We’d be talking about what are you gonna do this weekend and a bunch of the beautiful women would say, “I’m gonna go and be on this protest down Fifth Avenue.” I’d be like, “So am I.” [Laugh] You know, I’m gonna do that too.

You know, it was very simple. We’re gonna make that choice, you know. And that’s the kind of thing I think that I’m talking about when I say, you know, we just need a movement that makes it easier to join. Everybody’s not a leader. Everybody is not. I wasn’t a leader, but I was a joiner.

Tavis: Right. I think what troubles me is that we live in an era now where we perhaps even unwittingly deify these young people. They were courageous, no doubt about it.

But I worry that we deify them in such a way that young people today don’t think they can appropriate that same kind of courage and conviction and commitment. So it becomes a rather self-fulfilling prophesy. Does that make sense?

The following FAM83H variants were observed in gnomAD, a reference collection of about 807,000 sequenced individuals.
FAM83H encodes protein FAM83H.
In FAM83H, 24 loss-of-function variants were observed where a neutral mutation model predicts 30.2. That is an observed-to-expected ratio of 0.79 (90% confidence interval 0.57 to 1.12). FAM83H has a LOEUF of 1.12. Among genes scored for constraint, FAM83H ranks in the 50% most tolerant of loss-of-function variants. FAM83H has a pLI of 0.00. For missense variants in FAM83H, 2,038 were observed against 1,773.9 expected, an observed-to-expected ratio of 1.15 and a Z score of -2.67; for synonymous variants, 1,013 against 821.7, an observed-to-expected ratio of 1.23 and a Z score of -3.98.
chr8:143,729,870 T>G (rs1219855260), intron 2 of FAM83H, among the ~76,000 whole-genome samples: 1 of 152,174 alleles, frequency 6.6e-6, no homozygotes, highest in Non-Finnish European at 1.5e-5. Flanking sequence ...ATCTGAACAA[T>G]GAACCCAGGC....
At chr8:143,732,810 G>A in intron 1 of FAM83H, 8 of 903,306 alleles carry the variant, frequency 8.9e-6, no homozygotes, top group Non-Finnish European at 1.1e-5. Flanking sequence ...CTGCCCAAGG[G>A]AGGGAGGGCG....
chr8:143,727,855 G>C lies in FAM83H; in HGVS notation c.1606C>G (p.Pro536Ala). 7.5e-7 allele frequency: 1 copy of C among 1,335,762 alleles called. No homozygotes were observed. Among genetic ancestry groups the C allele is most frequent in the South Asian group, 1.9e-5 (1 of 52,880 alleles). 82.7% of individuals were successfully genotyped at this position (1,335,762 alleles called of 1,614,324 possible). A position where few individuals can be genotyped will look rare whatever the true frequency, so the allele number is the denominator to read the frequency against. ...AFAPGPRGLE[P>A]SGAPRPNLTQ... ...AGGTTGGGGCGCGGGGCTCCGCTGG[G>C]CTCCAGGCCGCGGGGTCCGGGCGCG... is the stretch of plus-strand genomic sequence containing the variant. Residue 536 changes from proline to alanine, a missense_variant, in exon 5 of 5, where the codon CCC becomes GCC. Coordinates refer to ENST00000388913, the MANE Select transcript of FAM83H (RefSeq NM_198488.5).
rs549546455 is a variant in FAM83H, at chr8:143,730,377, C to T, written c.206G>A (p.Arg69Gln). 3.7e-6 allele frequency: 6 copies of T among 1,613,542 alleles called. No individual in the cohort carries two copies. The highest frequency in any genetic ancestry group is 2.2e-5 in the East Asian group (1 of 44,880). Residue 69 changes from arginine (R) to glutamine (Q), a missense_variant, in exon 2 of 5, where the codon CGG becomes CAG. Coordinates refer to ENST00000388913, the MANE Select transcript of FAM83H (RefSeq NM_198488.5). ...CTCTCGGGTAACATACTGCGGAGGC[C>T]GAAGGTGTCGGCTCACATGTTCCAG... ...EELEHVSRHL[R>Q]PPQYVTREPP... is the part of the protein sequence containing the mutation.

Nelson: Yeah, sure, sure. Let me just say a couple of things to that because I think one of the things that is important about this film and about my work in general is one of the things I’ve tried to do is talk about, you know, the common people. So it’s not about Martin Luther King or even Bob Moses. You know, you don’t have to be that person.

So, you know, there’s 700 or 800 volunteers who go down to Freedom Summer. They’re the people of Mississippi who are real heroes who let the Freedom Summer volunteers stay in their houses and then have to stay there when they’re gone and all the coverage is gone. So there’s those kind of people. So I think that’s really important.